Howell-Jolly bodies are small nuclear remnants that have the color of a pyknotic nucleus on Wright-stained films and give a positive Feulgen reaction for DNA.84 They are spherical in shape, usually no larger than 0.5 µm in diameter. Generally only one is present, but they may be numerous. In pathologic situations they appear to represent chromosomes that have been separated from the mitotic spindle during abnormal mitosis.85 More commonly, during normal maturation they arise from nuclear fragmentation (karyorrhexis) or incomplete expulsion of the nucleus.86 Howell-Jolly bodies are pitted from the reticulocytes in their passage through the interendothelial slits of the splenic sinus. They are characteristically present in the blood of splenectomized persons and in those suffering from hemolytic anemia, megaloblastic anemia, and hyposplenic states. More recently, hyposplenic states and post-splenectomy blood has been more sensitively and specifically characterized by pocked red cell counts. (See Pocked [or pitted] red cells.)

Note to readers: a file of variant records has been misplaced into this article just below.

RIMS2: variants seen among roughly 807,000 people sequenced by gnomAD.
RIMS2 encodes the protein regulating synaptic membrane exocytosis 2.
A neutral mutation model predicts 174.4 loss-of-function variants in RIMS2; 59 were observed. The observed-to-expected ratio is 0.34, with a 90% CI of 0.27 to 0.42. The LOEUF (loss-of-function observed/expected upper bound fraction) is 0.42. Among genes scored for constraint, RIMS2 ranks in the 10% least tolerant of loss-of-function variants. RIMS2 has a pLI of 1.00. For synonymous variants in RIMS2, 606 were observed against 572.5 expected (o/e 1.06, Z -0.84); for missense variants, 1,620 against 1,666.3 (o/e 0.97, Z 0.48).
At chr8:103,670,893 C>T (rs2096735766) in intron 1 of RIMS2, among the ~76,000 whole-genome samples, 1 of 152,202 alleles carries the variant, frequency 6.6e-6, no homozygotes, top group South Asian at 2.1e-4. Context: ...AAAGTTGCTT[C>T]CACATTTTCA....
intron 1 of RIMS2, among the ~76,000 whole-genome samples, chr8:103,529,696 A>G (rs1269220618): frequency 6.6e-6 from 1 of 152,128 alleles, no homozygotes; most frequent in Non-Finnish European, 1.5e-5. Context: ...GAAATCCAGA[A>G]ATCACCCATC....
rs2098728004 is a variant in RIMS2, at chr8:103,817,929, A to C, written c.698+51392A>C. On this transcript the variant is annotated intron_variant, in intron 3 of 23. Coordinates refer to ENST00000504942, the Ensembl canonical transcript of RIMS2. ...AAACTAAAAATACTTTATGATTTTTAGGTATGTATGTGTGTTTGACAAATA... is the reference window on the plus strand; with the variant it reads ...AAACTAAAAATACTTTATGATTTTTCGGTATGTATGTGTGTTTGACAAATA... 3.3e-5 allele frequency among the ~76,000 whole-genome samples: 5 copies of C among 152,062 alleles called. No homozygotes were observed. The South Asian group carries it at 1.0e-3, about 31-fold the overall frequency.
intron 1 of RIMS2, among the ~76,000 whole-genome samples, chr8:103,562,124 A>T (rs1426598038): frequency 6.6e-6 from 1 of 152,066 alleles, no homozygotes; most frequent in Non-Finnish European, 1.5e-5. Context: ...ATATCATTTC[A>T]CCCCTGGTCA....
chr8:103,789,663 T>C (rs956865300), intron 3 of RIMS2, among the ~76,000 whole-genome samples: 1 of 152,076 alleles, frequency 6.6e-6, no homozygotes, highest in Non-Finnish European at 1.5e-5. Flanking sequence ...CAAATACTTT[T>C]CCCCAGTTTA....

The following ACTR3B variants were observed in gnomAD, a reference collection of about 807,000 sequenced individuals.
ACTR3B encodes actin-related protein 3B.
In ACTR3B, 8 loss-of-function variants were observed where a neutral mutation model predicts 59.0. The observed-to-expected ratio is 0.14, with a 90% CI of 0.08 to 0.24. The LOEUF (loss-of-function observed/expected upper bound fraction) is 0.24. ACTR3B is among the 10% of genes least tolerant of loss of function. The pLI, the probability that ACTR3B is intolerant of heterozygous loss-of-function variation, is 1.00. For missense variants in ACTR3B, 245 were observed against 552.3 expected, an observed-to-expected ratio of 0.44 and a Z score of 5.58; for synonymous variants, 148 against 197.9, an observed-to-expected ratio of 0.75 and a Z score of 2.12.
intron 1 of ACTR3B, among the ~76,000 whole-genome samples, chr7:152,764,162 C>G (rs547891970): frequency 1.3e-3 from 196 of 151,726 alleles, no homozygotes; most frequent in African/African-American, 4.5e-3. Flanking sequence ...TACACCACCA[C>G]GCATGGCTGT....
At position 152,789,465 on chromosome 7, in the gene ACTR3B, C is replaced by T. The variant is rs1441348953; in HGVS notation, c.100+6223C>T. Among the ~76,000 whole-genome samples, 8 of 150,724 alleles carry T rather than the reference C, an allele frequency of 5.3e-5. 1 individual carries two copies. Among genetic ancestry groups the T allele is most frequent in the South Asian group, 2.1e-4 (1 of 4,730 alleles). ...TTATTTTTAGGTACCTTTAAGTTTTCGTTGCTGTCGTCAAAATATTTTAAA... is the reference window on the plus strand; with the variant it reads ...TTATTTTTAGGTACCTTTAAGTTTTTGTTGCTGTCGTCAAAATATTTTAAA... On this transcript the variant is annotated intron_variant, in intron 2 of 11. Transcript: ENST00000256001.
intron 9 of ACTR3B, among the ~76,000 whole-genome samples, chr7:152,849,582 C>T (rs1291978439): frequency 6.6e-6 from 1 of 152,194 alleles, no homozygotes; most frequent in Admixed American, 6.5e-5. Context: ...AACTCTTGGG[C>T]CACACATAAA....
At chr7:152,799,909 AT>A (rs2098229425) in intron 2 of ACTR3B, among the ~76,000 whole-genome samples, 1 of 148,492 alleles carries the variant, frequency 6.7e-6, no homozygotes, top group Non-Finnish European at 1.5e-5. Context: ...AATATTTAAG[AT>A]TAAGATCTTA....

POCKED (OR PITTED) RED CELLS
When viewed under interference-phase microscopy, pocked red cells (described by Koyama in 1962)87 appear to have surface membrane “pits” or craters. The vesicles or indentations that characterize these cells represent autophagic vacuoles adjacent to the cell membrane.88 These vacuoles appear to be instrumental in the disposal of cellular debris as the erythrocyte passes through the microcirculation of the spleen.89 Within one week following splenectomy, pocked red cell counts begin to rise, reaching a plateau at 2–3 months.90 Pocked red blood cell (RBC) counts are being increasingly utilized as a test of splenic function.